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This Must Be Overcome - 78%

SadistAria, June 5th, 2007

"You look up because you desire to be exalted, and I look down because I am exalted. Who can, at the same time, laugh and be exalted? He who climbs the highest mountain laughs at all tragedies, real or imaginary." - Zarathustra (pg. 68, "Of Reading and Writing")


The works of Germany's Zarathustra is known for it's more upbeat tones and enjoyable thrashing riffs that deem itself to be straying away from the traditional filthiness of black metal. Surely a more progressive side like this type of black metal can be executed fairly without going over the top. Enslaved, up to the Eld era, and many of Abigor's older releases are good examples of stable development in crossbreeding musicianship and technique.
"In Hora Mortis" drastically changes into a radical emotive nihility that hungers for the grandest of all oblivion towards the acclaimed "holy man" and his witless creation called religion. Why emotive? The constant trashy choreographed splash cymbal crashes and single strums are comparable to the hardcore band Walls Of Jericho, but this is to be commonly found in Salvation From Being and in, now former member, Desecrator's backing vocals in Towards Perdition. We can all figure that he was featured solely for this reason, yet his presence is both useless upon the first listen, and yet it is slightly profitable to an extent.

For the most part, in "In Hora Mortis" there are no whimpering themes and pussy screams throughout. The lyrical content remains destructive and yearning, but the overall structure seems to have become weakened and marginally romanticized throughout the rapid line-up changes. Zarathustra's peak of excellence firmly reigns from their album "Perpetual Black Force" and the ever-astounding EP "Contempt"; where the composition was less formulaic and more innovative.

There are parts to "In Hora Mortis" that give the impression that the creators were unable to design proper introductions and transitions between songs. The water drip, jingling keys, and underground subway effects strikes me as rushed Resident Evil-like noises. Those parts could have been easily opted out with dragging guitars or something less phony. Zarathustra's inclusive integrity will cling faithfully to cosmic obliteration and humanity's self-degeneration.
In short, I believe that the band found a clear and brutal sound to go by. Inside the skepticism I bear towards "In Hora Mortis," this discreet and dangerous jump doesn't pertain to their more superior black metal roots anymore, yet the assembly remains more melodically catchy and too soft at times, but it is for a reason.. At least I'm hoping...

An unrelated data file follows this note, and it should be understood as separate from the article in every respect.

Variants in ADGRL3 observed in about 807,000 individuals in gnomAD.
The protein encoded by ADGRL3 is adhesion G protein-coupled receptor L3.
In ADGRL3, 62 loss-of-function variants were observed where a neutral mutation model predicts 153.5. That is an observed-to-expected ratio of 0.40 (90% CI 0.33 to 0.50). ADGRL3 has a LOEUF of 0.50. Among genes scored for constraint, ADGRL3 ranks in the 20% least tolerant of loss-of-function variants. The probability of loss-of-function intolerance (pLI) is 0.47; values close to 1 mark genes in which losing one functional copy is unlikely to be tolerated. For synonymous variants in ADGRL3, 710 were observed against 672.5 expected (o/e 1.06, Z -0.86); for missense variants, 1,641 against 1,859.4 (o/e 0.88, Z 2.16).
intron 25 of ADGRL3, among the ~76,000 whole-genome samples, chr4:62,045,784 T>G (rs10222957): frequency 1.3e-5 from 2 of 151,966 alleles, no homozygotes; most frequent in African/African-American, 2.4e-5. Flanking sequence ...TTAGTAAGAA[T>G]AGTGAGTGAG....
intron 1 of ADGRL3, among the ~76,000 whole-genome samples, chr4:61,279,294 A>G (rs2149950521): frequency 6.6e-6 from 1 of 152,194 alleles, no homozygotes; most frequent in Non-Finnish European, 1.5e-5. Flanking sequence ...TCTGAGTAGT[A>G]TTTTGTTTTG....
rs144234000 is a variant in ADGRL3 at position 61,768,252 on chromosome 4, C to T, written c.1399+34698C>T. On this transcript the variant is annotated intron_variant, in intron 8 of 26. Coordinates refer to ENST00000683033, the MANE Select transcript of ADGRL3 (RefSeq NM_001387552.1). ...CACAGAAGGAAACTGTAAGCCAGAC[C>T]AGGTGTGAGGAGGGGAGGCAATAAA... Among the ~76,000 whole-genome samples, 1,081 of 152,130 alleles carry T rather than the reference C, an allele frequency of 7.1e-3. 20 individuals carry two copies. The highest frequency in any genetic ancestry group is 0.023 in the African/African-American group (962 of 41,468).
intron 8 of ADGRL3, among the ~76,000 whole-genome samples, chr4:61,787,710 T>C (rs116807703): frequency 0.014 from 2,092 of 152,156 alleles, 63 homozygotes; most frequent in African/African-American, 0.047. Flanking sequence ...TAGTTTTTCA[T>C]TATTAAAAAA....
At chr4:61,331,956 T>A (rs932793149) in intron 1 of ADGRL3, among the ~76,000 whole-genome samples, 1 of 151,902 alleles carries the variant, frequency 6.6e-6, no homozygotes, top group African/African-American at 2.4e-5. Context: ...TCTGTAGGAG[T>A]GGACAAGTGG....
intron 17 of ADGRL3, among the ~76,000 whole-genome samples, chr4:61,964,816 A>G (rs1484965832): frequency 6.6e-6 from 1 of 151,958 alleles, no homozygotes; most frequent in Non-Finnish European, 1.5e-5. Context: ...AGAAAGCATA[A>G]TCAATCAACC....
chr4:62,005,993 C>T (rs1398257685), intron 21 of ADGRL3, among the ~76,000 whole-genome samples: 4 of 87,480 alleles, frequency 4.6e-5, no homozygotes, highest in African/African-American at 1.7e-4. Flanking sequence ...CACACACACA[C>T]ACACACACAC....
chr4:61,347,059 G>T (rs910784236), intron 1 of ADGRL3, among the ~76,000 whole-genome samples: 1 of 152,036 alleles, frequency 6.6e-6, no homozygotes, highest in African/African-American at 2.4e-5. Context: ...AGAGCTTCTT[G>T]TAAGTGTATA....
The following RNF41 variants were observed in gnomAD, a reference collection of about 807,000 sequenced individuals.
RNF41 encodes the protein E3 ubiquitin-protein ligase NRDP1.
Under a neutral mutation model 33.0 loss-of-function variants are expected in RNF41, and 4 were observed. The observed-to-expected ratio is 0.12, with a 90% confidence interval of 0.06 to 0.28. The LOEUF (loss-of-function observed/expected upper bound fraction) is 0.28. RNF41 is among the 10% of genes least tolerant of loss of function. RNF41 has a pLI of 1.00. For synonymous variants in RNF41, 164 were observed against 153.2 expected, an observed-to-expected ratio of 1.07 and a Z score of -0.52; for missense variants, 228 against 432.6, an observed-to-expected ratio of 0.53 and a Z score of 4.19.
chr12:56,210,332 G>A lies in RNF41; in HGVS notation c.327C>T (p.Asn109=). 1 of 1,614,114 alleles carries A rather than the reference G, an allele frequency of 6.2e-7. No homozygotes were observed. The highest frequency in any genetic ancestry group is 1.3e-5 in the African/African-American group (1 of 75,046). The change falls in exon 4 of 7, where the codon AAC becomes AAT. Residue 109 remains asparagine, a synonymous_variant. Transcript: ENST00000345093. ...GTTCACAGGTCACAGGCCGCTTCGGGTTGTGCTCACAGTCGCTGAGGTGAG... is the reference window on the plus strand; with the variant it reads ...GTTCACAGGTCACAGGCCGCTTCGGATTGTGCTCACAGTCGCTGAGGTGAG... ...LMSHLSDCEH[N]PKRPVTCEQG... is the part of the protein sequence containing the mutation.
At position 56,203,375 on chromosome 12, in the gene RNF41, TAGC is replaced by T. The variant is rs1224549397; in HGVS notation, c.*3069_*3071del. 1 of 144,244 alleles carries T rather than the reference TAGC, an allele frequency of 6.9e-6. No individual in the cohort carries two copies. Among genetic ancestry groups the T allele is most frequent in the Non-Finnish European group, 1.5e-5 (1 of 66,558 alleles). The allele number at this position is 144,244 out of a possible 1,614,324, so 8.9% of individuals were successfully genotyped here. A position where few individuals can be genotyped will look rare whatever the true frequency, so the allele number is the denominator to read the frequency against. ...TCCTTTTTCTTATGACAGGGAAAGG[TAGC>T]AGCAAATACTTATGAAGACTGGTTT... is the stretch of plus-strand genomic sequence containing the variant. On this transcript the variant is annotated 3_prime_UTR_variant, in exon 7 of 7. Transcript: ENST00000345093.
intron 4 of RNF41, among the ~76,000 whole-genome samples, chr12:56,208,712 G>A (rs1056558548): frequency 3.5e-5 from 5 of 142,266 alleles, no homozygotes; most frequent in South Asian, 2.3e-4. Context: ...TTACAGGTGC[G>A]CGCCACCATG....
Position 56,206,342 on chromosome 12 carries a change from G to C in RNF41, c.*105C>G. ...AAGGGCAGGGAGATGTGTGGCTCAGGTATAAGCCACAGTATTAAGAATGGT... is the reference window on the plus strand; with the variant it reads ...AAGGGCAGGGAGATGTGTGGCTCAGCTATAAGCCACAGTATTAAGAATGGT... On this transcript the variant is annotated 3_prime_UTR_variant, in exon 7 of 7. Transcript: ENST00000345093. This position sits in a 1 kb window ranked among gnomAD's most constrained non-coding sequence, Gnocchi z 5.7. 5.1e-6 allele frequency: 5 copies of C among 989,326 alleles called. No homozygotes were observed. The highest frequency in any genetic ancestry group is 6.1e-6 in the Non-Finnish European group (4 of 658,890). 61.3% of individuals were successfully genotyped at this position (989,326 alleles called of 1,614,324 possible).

The exhaustion of this change reminds us that times are becoming quite indifferent within current black metal. Old admirers of Keep Of Kalessin will easily bring the comparisons of "Agen: A Journey Through The Dark" and "Armada" to mind, or even an Enochian Crescent-like production, yet it is more evident alteration when "Dogma Antichrist" is in opposition to "In Hora Mortis". Generally, the modernized introductory build up and fatiguing culmination are phenomenal aspects for the overall message, yet I strongly proclaim that this is the final masterpiece to the legacy of Zarathustra. All of this seems to fit perfectly with Towards Perdition, a powerful operatic self-overcoming of slave morality.

When I hear the lines "Before your horrid throne", I have confidence that their keyboard-less talents aren't sniffing Dimmu Borgir's throne, in following in their footsteps so-to-speak. If anyone is to give true credit for the contributions for "In Hora Mortis," lend your ears and souls to Kerberos on lead guitar and drummer Mersus (Destroyer 666, Homicide (Ger)). Without their portion in this project everything would be insignificant and very tiresome.

Though this mainly effects personal attitude and condoned business, as short as it has been, they've been on MySpace for too long. Zarathustra have sold out to the otiose masses, and, honestly, they don't need that kind of push from a needless exposure site for instantaneous glorification. Aside from gaining public acquaintances and random devotees, mostly every aspect of this release is watered down, less focused, yet boisterously consistent to the point of slight perfection and annoyance.

Apart from Zarathustra's melodramatic alteration, "In Hora Mortis" sustains it's hateful segments and continues to burst out in a rage too great for anybody to comprehend. The astonishing mix of bereavement and mysticism gives this release an added bonus, as it may be the only factor to look forward to.

In my honest opinion and self-experience, let "In Hora Mortis" grow onto you, as the more you listen to it the more it will be understood from a solitary point of view. Lastly, I advise those to read "Also Sprach Zarathustra", (1883-1885), by Friedrich Wilhelm Nietzsche. In doing so beforehand, you may obtain true understanding of my latter reasoning. Without it, I too call it's listeners slackers of philology. That and it is very, very rewarding.


Zarathustra, you must be unencumbered, now that you have begun to climb the highest mountain. Your serpent and your eagle have parted ways, and so should you. Let this retain and vanquish the infinite struggle, so let this be the end.

"I am the master of decay!"

Highlights: Souls Ejaculation, Crown Of Creation, Odem

Originally written on October 1st, 2006